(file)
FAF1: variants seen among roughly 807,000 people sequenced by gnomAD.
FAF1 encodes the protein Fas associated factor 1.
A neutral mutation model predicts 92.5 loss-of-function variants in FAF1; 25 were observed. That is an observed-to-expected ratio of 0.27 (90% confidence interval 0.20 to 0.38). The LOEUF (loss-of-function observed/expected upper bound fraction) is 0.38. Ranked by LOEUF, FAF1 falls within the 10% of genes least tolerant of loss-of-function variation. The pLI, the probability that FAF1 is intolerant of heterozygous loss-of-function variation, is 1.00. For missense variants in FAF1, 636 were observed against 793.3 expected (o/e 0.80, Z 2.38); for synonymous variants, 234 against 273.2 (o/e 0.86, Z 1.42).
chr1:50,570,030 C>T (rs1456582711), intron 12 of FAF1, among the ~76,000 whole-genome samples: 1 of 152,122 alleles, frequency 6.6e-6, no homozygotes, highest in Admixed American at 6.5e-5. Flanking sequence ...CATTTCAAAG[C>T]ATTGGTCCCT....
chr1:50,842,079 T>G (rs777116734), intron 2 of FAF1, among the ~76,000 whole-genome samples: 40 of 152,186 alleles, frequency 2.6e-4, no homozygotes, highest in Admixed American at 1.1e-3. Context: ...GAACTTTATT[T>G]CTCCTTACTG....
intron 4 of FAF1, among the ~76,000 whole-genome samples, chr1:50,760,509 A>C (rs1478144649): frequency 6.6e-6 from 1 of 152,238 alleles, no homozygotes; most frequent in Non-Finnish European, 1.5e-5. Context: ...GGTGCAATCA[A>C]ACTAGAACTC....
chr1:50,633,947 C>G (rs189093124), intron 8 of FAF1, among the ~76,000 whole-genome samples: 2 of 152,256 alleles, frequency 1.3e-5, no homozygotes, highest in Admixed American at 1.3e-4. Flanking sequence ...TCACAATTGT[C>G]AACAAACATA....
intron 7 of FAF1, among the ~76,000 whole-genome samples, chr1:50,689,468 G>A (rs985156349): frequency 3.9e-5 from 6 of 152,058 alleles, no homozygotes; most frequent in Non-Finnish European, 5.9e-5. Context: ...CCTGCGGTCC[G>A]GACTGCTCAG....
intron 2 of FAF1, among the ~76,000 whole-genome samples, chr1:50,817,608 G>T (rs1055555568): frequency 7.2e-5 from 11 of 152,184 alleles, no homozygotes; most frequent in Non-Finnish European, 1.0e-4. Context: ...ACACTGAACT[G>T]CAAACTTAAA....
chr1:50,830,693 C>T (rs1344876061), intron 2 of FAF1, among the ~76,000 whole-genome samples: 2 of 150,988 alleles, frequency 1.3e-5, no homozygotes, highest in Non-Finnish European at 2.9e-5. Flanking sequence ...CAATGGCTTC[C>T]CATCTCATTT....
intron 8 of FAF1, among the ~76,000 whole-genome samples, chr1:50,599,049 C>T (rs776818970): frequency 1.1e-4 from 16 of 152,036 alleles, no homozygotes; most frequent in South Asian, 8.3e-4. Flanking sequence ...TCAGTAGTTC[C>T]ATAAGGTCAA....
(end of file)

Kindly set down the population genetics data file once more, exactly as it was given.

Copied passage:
FAF1: variants seen among roughly 807,000 people sequenced by gnomAD.
FAF1 encodes the protein Fas associated factor 1.
A neutral mutation model predicts 92.5 loss-of-function variants in FAF1; 25 were observed. That is an observed-to-expected ratio of 0.27 (90% confidence interval 0.20 to 0.38). The LOEUF (loss-of-function observed/expected upper bound fraction) is 0.38. Ranked by LOEUF, FAF1 falls within the 10% of genes least tolerant of loss-of-function variation. The pLI, the probability that FAF1 is intolerant of heterozygous loss-of-function variation, is 1.00. For missense variants in FAF1, 636 were observed against 793.3 expected (o/e 0.80, Z 2.38); for synonymous variants, 234 against 273.2 (o/e 0.86, Z 1.42).
chr1:50,570,030 C>T (rs1456582711), intron 12 of FAF1, among the ~76,000 whole-genome samples: 1 of 152,122 alleles, frequency 6.6e-6, no homozygotes, highest in Admixed American at 6.5e-5. Flanking sequence ...CATTTCAAAG[C>T]ATTGGTCCCT....
chr1:50,842,079 T>G (rs777116734), intron 2 of FAF1, among the ~76,000 whole-genome samples: 40 of 152,186 alleles, frequency 2.6e-4, no homozygotes, highest in Admixed American at 1.1e-3. Context: ...GAACTTTATT[T>G]CTCCTTACTG....
intron 4 of FAF1, among the ~76,000 whole-genome samples, chr1:50,760,509 A>C (rs1478144649): frequency 6.6e-6 from 1 of 152,238 alleles, no homozygotes; most frequent in Non-Finnish European, 1.5e-5. Context: ...GGTGCAATCA[A>C]ACTAGAACTC....
chr1:50,633,947 C>G (rs189093124), intron 8 of FAF1, among the ~76,000 whole-genome samples: 2 of 152,256 alleles, frequency 1.3e-5, no homozygotes, highest in Admixed American at 1.3e-4. Flanking sequence ...TCACAATTGT[C>G]AACAAACATA....
intron 7 of FAF1, among the ~76,000 whole-genome samples, chr1:50,689,468 G>A (rs985156349): frequency 3.9e-5 from 6 of 152,058 alleles, no homozygotes; most frequent in Non-Finnish European, 5.9e-5. Context: ...CCTGCGGTCC[G>A]GACTGCTCAG....
intron 2 of FAF1, among the ~76,000 whole-genome samples, chr1:50,817,608 G>T (rs1055555568): frequency 7.2e-5 from 11 of 152,184 alleles, no homozygotes; most frequent in Non-Finnish European, 1.0e-4. Context: ...ACACTGAACT[G>T]CAAACTTAAA....
chr1:50,830,693 C>T (rs1344876061), intron 2 of FAF1, among the ~76,000 whole-genome samples: 2 of 150,988 alleles, frequency 1.3e-5, no homozygotes, highest in Non-Finnish European at 2.9e-5. Flanking sequence ...CAATGGCTTC[C>T]CATCTCATTT....
intron 8 of FAF1, among the ~76,000 whole-genome samples, chr1:50,599,049 C>T (rs776818970): frequency 1.1e-4 from 16 of 152,036 alleles, no homozygotes; most frequent in South Asian, 8.3e-4. Flanking sequence ...TCAGTAGTTC[C>T]ATAAGGTCAA....